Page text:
There are definitely encouraging signs. The monkeypox epidemic continues to slow worldwide, although new cases are emerging in some hitherto avoided countries, such as Egypt and Ukraine. According to a WHO dashboard listing all confirmed cases, as of September 7, there have been 54,709 cases and 18 deaths in 125 countries, 98% of them in Europe and North America.
According to the latest data provided by Santé Publique France, published on 15 September, there were 3,898 confirmed cases of monkeypox in France, an additional 113 cases since the 8 September estimate. The epidemic is marking time: if at the beginning of summer almost 500 cases were detected per week, now it is just over a hundred. However, the authorities feared the consequences of the summer with its massive gatherings of people.
What explains this rather blatant decline in monkeypox cases? For virologist Yannick Simonin, a specialist in new viruses at the University of Montpellier, the main reason is “probably the information and communication campaign around monkeypox.” “The authorities and the media rightly talked a lot about this epidemic. As a result, the most vulnerable populations were very widely informed, and this likely led to a decrease in risky behavior with more caution and screening,” he explains. L’Express.
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On the other hand, according to Yannick Simonin, vaccination did not play a big role in the ongoing drop in the number of detected cases observed over several weeks, even if “we have no prospect” in this matter: “We can rule out a mass effect of vaccination because the campaign started relatively late and we don’t have enough feedback on the effectiveness of the vaccine after one or even two doses.
Proportion of infected women, data for “close observation”
So far, the epidemic has mostly been limited to men who have sex with men. Thus, the vast majority of confirmed adult cases identified to date are in men, with 86 cases (2.2%) in women, Public Health France reports in its latest update. In addition, 9 cases have been reported in children under 15 years of age.
In its previous advisory dated September 12, the French Public Health Service indicated that “among all confirmed cases reported in week 36, 12.9% are women compared to 5.7% in week 35, 7. 5% at 34 weeks and 5.8% at 33 weeks. if “these data should be interpreted with caution” due to the small number of cases identified in women, these data nevertheless “should be closely monitored,” emphasizes Yannick Simonin, who wonders: “Is this the beginning of a somewhat more general the spread of monkeypox?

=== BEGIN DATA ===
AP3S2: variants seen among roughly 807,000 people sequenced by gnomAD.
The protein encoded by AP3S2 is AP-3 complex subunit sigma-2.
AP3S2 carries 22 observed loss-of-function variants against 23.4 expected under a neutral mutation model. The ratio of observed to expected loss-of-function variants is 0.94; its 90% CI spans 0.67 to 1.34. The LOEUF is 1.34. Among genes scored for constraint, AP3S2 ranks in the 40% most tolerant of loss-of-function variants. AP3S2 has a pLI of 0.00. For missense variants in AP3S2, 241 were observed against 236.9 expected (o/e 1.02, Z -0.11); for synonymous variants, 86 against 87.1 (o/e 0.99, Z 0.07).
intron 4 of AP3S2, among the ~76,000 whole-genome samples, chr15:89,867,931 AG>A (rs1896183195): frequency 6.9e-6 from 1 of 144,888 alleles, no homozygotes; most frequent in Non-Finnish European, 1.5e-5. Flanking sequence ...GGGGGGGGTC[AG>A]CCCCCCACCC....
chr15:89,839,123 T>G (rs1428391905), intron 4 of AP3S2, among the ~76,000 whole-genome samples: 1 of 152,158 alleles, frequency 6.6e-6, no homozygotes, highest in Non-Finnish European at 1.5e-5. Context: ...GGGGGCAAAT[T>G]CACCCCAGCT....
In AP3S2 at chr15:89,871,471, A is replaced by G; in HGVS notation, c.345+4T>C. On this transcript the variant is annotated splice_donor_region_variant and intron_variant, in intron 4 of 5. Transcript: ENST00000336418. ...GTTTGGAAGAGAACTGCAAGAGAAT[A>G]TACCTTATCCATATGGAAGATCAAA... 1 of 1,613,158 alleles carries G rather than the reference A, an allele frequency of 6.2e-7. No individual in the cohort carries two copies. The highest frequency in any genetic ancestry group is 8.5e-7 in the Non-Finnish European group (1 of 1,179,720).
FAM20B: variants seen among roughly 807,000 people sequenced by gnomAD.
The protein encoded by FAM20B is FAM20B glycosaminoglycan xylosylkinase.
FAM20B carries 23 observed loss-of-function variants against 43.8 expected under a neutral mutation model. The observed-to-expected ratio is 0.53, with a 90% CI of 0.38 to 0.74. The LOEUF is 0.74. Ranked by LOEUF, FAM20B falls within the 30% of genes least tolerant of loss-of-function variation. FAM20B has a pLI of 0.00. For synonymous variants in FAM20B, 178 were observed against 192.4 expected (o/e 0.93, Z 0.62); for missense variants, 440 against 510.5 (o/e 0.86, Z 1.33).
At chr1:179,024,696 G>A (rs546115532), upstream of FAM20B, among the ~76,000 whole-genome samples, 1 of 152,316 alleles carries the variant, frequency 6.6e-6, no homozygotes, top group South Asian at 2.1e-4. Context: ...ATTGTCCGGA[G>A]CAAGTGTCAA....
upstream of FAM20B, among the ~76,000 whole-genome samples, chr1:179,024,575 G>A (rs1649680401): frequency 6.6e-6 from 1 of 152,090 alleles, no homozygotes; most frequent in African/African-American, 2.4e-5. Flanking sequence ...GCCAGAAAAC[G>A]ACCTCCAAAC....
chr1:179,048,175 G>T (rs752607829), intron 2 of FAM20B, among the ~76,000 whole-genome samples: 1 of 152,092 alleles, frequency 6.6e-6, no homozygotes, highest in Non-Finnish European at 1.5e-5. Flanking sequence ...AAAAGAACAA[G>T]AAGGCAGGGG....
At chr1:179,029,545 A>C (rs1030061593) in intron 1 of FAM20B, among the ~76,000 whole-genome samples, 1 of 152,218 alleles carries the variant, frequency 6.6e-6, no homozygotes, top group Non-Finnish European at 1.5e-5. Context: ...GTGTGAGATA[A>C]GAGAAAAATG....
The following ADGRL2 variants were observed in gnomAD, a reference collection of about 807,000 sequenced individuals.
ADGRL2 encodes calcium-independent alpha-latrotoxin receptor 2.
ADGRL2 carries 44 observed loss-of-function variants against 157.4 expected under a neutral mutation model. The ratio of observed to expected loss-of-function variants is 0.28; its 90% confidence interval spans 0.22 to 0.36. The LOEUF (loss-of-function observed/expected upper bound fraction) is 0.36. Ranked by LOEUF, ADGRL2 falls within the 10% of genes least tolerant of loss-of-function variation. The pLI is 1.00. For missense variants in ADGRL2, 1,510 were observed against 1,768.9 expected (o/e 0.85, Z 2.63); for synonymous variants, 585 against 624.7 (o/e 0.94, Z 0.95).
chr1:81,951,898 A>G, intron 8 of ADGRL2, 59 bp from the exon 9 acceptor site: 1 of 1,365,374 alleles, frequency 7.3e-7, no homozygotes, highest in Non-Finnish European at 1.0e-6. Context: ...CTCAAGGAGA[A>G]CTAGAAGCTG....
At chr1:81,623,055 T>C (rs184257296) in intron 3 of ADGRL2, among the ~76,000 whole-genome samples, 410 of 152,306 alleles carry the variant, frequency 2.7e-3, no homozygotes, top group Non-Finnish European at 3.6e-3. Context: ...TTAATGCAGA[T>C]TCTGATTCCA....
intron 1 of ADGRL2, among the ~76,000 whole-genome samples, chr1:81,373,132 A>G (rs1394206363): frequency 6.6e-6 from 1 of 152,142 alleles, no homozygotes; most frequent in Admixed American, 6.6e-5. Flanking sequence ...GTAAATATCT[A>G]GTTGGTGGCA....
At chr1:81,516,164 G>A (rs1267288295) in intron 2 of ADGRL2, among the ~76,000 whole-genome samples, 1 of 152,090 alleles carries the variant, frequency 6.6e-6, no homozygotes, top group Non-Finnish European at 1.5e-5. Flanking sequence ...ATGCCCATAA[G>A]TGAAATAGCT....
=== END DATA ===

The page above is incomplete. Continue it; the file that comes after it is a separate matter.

The virologist urges “to remain cautious” and “not to announce victory too soon.” “The virus is still circulating and mitigating behavior with fewer vaccinations and fewer screenings could help spread the virus more widely and could potentially help restart the epidemic,” he warns. He adds: “We are not yet in a situation where we can say that everything is under control.”
“We are seeing a decrease in injection doses, so we have probably reached the people most in need of vaccination. And if the number of cases decreases, as it currently does, vaccination may be disrupted,” notes this new virus specialist. In addition, the vaccination campaign “plays an important role in the long term” to control the epidemic, he recalls. “The more vaccinations there are, especially for the populations most at risk, the more we reduce the risks of persisting the epidemic in these populations.”
Animal tank risk
Monkeypox has not yet revealed all its secrets. Thus, a specialist in new viruses from the University of Montpellier recalls that “we do not yet know whether the virus is transmitted through sexual intercourse itself or through prolonged contact during sexual intercourse.” “If it is a sexually transmitted virus, then it is present in seminal fluid or vaginal secretions, and therefore, this means that people who have no or few symptoms can potentially transmit it.”
If monkeypox is “not known to be a disease with a significant percentage of asymptomatic course”, then here again specialists do not have reliable data on this issue, which, nevertheless, is important for a better understanding and, therefore, better control of transmission dynamics. “Does the proportion of asymptomatic people play a role in the dynamics of virus transmission? We don’t have clear answers yet,” sums up Yannick Simonin.
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Another “source of vigilance and concern” of health authorities: the question of the reservoir of the virus in the animal population. Even if at present “transmission occurs from person to person,” the virologist reminds, monkeypox can be transmitted both from person to animal and vice versa. “The more the virus circulates, the greater the risk of infecting animals,” recalls Yannick Simonin. “Domestic animals have the potential to transmit smallpox to wild animals, which then become a reservoir of the virus in the animal population and could allow it to become endemic,” he explains. An alarming scenario, unlikely, but impossible to rule out.
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